Turtles Need a Pacific Oceanscape as Much as People Do




For millennia, people have depended on the ocean and its resources. But with declining fishery resources, rising sea levels, warming ocean temperatures, ocean acidification, and pollution, the oceans are changing rapidly. Those changes will affect us all but are particularly threatening to the way of life for Pacific Islanders; indeed, the changes jeopardize the very existence of some Pacific Island nations. Addressing the extensive threats to the health of the Pacific Ocean and of those who depend upon it most directly requires immediate, collective, and concerted action at a large scale.

The concept of the Pacific Oceanscape—a framework for longterm, sustainable, cooperative management of a vast marine area in the Pacific Islands—has rapidly advanced over the past three years and now has the full support of all 16 Pacific Island states, having been endorsed by their heads of state at the past two meetings of the Pacific Islands Forum. Scattered over a vast expanse of ocean, the roughly 1,400 islands of the Pacific Islands are (with the noteworthy exception of Papua New Guinea) mostly tiny land masses with small populations, but they are also large ocean states with management authority over enormous Exclusive Economic Zones.

Covering an ocean area of nearly 40 million square kilometers (16 million square miles, or larger than the areas of Canada, Russia, and the United States combined), the Pacific Oceanscape hosts globally significant populations of several species of marine turtles— notably greens, hawksbills, and leatherbacks, as well as smaller populations of olive ridleys and loggerheads. As ocean voyagers connecting these specks of land in a vast ocean, marine turtles have become an integral part of the culture of the Pacific. They are widely regarded as flagship species for Pacific marine ecosystems and often feature prominently in promotional tourist materials for many Pacific Island countries. Maintaining healthy stocks of turtles and facilitating the recovery of depleted populations will be an important indicator of the health of the Pacific Ocean itself.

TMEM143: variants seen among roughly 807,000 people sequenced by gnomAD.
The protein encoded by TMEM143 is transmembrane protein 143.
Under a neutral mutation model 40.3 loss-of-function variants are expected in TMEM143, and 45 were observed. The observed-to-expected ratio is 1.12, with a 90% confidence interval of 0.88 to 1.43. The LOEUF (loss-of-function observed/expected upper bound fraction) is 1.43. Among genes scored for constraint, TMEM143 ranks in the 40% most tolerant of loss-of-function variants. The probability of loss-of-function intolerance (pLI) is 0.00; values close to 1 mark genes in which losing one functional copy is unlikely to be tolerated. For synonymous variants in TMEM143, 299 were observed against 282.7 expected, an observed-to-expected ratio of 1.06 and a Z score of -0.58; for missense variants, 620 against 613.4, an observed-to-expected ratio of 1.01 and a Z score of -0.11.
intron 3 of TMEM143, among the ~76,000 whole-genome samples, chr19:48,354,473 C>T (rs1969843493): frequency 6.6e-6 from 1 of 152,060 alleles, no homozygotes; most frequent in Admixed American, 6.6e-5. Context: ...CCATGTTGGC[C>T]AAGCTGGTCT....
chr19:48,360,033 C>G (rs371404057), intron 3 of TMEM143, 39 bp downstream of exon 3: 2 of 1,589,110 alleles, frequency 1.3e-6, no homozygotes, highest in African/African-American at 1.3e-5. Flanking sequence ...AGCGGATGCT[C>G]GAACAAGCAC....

Through the efforts of the Secretariat of the Pacific Regional Environment Programme (SPREP), concern about declining turtle populations and interest in sea turtle conservation have grown in the region in recent years. SPREP has developed a five-year regional action plan for marine turtles (2008–2012), which will shortly come up for renewal. A regional turtle database has also been recently reestablished with funding from the Western Pacific Regional Fishery Management Council. The SPREP action plan highlights the most significant threats to turtles throughout this vast region, including unsustainable harvest, predation by feral animals, habitat loss, boat strikes, pollution, and climate change. The plan also identifies significant barriers to turtle conservation in the region, including information gaps, inadequate laws and policies, limited capacity for monitoring, and inadequate involvement of local communities in conservation efforts.

The Pacific Oceanscape will aim to address such threats directly and to improve capacity for sea turtle conservation through its “Ocean Voyagers” component, which deals specifically with sea turtles and other migratory species. In addition, the Oceanscape concept has brought together high-level political leaders from throughout the region who appreciate the need for concerted and coordinated action to improve ocean health as a means of providing sustainable livelihoods to the region’s inhabitants. Such high-level political engagement is likely to lead to greater efforts to curb traditional consumption of turtle products and other unsustainable behaviors that have been previously difficult to address. As the Pacific Ocean-scape continues to develop, SPREP, Conservation International, and other regional partners intend to play an important role in helping Pacific Island states achieve those ambitious goals and are optimistic that the Oceanscape will bring great benefits to the people—and turtles—of the Pacific Islands.